Imagine you have a friend who wants to sell his house for $200,000. You are familiar with the subdivision, and you like the nearby golf course that makes the area desirable, but you don’t have the $200,000 to purchase the house as an investment, so you offer another proposal.
“If you’ll give me a piece of paper saying I can purchase your house for $200,000 any time over the next twelve months,” you say to your friend, “I will give you an extra $10,000.”
Your friend accepts your proposal because it’s not important to him that he sells today. In essence, you have bought an option – an option to purchase the house at a later, agreed-upon date.
Eight months later, a new elementary school is under construction a half-mile away, making the properties in the area in hot demand. Now the house has gone up in price to $230,000.
You hold up your paper—the option—and wave it in front of interested buyers. “I’ll sell you this paper for $15,000. It states that you can purchase this $230,000 house for only $200,000.”
Someone takes you up on your offer, and the trade is made.
Let’s break down what happened from here.
Your friend receives the $200,000 he wanted for his house, in addition to the $10,000 you paid for the option to purchase his property.
The new buyer purchases a house valued at $230,000 for $200,000, plus the$15,000 he paid you for the paper option. He pays a total of $215,000, a savings to him of $15,000.
And, you receive $15,000 for the option (paper) you paid $10,000 for eight months ago, so you made a $5,000 profit on your $10,000 investment. That means that you realized an astounding 50% return within eight months.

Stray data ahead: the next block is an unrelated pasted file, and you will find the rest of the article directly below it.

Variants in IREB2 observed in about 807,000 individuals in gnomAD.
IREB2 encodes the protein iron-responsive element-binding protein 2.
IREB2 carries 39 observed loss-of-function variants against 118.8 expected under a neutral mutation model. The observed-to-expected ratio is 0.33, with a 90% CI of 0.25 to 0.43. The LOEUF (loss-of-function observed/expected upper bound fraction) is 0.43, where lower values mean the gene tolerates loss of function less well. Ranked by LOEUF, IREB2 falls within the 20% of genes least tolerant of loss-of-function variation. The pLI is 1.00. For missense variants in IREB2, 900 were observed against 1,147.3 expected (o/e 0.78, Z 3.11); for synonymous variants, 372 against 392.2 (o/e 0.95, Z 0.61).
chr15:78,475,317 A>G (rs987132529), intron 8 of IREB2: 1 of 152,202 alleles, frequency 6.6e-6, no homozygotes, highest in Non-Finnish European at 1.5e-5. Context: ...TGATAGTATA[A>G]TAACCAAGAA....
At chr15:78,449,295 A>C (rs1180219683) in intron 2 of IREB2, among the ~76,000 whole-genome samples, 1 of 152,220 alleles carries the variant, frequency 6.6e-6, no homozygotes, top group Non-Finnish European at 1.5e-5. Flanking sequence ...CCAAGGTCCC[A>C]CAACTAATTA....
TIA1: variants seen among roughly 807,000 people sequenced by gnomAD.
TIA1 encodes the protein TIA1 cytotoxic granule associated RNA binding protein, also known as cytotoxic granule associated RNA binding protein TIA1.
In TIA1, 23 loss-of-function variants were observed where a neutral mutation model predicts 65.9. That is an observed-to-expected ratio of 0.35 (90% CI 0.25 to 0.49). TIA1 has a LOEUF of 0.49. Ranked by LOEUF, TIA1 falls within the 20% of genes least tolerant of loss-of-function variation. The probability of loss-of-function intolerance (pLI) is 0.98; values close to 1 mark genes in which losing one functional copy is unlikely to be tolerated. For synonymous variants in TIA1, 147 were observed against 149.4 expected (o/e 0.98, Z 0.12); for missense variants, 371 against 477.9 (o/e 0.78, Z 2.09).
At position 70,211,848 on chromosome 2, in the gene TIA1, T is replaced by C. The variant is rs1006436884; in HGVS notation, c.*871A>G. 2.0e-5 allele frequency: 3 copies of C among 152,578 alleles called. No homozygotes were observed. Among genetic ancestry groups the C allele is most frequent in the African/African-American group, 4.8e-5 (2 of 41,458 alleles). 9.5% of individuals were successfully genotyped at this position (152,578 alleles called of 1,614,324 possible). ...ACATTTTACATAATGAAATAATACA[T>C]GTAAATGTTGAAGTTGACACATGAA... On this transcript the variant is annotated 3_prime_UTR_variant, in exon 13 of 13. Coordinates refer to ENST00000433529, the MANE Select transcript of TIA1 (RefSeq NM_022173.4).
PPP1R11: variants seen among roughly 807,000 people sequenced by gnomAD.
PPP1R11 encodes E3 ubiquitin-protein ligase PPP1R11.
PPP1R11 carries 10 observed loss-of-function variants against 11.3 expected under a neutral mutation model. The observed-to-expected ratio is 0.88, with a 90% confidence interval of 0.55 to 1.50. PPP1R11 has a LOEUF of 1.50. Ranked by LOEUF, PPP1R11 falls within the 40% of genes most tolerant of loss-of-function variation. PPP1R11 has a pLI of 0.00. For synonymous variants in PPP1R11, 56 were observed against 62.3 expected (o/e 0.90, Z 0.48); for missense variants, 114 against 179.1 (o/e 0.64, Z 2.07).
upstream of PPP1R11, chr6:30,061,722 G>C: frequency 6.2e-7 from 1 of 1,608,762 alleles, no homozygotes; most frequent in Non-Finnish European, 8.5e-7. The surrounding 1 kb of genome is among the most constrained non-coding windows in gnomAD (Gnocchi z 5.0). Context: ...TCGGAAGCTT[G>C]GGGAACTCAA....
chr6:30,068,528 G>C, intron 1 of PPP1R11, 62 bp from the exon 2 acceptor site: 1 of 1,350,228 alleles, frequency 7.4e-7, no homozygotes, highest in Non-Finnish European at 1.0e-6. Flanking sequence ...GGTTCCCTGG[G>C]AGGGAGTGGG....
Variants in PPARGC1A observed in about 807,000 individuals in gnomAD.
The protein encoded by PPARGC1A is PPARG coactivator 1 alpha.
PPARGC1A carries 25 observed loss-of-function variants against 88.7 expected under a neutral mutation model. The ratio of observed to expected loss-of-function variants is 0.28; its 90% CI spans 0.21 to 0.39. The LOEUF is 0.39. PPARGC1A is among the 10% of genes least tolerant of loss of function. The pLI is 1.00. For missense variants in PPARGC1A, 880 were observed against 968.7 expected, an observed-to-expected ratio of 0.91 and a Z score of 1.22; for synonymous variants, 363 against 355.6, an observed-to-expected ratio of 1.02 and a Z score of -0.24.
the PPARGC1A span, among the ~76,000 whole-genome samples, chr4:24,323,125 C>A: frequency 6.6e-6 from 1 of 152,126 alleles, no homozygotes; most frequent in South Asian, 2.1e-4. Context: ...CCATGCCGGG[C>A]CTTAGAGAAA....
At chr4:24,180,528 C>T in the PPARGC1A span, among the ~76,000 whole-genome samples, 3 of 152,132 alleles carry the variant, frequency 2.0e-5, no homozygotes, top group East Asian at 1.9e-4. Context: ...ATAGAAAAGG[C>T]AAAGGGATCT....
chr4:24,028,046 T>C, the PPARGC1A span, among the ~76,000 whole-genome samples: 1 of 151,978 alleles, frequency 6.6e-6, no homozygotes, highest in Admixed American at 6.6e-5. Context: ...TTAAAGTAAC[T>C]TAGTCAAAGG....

My story illustrates in a simple way the crux of the “secret” world of trading options. In the story, you see the house, the owner, and the buyer. They are all tangible to you.
In the world of Wall Street, it’s all like “invisible pieces of paper,” so to speak, especially when the transactions take place online. However, the principle is the same. You control enough of a great stock to make a great deal of money with essentially only a down payment.
Most of us can’t go out and simply plunk down $200,000 to invest in an “underlying instrument,” like a second house or a block of stocks. But you can benefit from the leverage of controlling the “underlying” with a fraction of the house or stock cost by using options.
The leverage of options allows you to profit by a substantial amount, in the same way a pulley leverages weight so you can lift more than physically possible. Options give you profit leverage that builds wealth.
You can achieve significant short-term profits on the money you invest in option contracts. You profit by purchasing option contracts, called Calls and Puts, with the express intention of selling the contract after the equity (the stock, ETF, or index,) has moved in price, either up as with Calls, or down as with Puts, and you sell well before the option’s expiration date. As with the house, you have the right to purchase the equity at the price you agreed upon in the options contract, but in fact you never intend to do so. Your profit is made on the price movement and exiting the contract before its expiration date.
When you purchase an unripe banana on the produce aisle of the grocery store, you know the banana still has a long time before it has to be eaten. In terms of options, the idea is to sell the banana before it becomes yellow with brown spots, soft and ready to expire.
By using this strategy, you never exercise your option to buy the underlying equity. Your goal is to hold the option long enough for the price of the equity to move in the direction that you predicted when you purchased the contract. You don’t intend to exercise the option (you never eat the banana), but someone else will want to make banana nut bread, so that now ripe banana you are holding has value to someone else that they are willing to pay for.